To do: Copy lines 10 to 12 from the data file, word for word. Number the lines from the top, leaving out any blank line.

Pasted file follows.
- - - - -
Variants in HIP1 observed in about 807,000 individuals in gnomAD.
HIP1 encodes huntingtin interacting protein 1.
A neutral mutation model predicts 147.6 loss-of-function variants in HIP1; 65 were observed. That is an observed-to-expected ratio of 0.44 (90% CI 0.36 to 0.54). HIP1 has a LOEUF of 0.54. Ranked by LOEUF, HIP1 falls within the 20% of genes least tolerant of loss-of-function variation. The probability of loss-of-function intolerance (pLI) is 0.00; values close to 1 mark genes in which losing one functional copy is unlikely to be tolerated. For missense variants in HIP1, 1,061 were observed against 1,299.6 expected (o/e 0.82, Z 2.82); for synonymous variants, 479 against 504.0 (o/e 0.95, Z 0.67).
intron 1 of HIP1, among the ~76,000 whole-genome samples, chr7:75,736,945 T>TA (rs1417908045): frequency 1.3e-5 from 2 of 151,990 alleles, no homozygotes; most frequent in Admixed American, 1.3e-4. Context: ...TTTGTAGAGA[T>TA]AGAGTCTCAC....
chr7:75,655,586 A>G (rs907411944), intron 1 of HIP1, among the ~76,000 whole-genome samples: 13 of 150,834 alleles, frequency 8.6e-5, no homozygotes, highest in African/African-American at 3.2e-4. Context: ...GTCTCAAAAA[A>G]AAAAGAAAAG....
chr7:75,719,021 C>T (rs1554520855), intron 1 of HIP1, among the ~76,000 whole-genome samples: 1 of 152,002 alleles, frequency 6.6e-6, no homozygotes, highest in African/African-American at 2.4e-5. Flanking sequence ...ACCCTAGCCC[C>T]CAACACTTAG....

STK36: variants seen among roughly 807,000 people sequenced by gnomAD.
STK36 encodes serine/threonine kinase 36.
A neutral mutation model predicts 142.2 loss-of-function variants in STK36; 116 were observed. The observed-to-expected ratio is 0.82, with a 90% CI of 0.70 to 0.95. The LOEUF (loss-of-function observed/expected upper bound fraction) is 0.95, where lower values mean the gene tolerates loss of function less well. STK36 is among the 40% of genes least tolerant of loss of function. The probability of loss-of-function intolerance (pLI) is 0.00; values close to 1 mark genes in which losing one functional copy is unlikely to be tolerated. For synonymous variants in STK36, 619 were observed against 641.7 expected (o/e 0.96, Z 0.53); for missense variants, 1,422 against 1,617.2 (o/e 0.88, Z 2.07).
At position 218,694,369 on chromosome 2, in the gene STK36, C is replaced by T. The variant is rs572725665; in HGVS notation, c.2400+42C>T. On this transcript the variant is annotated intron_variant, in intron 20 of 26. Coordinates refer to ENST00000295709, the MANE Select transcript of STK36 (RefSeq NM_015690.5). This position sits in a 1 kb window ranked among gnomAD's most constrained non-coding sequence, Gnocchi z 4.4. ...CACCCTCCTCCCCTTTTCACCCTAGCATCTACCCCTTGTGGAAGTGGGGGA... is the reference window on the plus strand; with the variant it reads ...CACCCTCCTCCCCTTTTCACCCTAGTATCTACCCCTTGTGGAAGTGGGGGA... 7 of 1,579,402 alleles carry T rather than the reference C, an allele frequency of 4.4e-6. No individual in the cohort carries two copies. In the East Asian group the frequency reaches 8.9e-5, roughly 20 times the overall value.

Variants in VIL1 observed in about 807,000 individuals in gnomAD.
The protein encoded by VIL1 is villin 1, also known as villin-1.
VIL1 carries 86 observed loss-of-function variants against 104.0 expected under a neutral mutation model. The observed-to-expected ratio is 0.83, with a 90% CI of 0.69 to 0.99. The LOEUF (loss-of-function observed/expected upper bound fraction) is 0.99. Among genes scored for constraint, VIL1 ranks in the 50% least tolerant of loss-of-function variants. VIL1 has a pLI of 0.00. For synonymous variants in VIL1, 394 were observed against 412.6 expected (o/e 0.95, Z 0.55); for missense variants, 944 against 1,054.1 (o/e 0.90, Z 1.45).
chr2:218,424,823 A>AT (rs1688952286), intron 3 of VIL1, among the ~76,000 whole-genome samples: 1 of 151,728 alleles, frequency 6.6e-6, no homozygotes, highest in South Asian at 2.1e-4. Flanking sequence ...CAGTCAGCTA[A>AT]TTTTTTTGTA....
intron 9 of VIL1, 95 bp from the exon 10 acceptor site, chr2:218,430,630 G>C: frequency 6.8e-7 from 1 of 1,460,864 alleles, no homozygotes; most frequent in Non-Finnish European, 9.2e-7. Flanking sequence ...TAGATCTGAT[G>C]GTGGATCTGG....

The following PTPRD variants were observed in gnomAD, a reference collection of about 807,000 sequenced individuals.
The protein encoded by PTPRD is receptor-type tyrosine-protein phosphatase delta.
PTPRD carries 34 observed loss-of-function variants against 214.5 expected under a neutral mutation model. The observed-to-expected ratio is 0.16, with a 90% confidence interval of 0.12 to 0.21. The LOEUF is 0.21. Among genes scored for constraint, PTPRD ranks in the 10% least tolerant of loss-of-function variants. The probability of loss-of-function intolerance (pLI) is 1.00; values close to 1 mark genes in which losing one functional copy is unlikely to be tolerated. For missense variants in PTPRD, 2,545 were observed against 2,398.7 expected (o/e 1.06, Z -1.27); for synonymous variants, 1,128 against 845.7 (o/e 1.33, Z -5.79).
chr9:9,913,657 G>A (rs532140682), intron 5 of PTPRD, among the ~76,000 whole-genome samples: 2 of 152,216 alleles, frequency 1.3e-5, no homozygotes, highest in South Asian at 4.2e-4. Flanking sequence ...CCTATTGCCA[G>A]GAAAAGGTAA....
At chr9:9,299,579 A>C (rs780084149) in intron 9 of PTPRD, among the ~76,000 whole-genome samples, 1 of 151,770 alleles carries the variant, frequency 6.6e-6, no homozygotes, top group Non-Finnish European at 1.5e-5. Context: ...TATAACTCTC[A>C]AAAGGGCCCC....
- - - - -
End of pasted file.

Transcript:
At position 218,694,369 on chromosome 2, in the gene STK36, C is replaced by T. The variant is rs572725665; in HGVS notation, c.2400+42C>T. On this transcript the variant is annotated intron_variant, in intron 20 of 26. Coordinates refer to ENST00000295709, the MANE Select transcript of STK36 (RefSeq NM_015690.5). This position sits in a 1 kb window ranked among gnomAD's most constrained non-coding sequence, Gnocchi z 4.4. ...CACCCTCCTCCCCTTTTCACCCTAGCATCTACCCCTTGTGGAAGTGGGGGA... is the reference window on the plus strand; with the variant it reads ...CACCCTCCTCCCCTTTTCACCCTAGTATCTACCCCTTGTGGAAGTGGGGGA... 7 of 1,579,402 alleles carry T rather than the reference C, an allele frequency of 4.4e-6. No individual in the cohort carries two copies. In the East Asian group the frequency reaches 8.9e-5, roughly 20 times the overall value.

Variants in VIL1 observed in about 807,000 individuals in gnomAD.
The protein encoded by VIL1 is villin 1, also known as villin-1.